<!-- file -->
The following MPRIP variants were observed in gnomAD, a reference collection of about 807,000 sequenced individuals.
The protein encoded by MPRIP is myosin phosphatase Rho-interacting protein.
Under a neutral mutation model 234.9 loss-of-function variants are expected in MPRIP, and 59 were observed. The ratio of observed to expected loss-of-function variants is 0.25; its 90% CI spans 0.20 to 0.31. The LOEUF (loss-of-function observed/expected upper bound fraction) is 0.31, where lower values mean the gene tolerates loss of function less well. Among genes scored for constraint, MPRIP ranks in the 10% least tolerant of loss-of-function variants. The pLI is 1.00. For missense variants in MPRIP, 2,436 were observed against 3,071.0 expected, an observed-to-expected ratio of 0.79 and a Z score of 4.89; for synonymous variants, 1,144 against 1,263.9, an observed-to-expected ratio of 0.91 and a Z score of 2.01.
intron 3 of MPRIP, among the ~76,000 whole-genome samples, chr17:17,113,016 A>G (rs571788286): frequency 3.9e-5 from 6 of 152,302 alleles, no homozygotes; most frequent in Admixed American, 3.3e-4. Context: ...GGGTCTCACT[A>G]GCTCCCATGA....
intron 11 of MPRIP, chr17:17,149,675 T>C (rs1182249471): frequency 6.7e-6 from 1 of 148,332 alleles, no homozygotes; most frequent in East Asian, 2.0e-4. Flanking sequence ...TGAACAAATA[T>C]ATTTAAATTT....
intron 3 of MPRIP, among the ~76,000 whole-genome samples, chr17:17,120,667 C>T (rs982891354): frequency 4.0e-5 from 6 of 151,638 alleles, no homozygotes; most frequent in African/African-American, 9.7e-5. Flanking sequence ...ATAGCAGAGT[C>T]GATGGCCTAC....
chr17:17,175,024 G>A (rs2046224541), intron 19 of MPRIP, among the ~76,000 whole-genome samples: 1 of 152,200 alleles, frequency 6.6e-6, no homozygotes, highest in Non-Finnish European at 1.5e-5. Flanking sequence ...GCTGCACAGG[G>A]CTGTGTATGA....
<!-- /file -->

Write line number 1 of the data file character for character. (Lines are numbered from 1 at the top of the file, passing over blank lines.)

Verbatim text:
The following MPRIP variants were observed in gnomAD, a reference collection of about 807,000 sequenced individuals.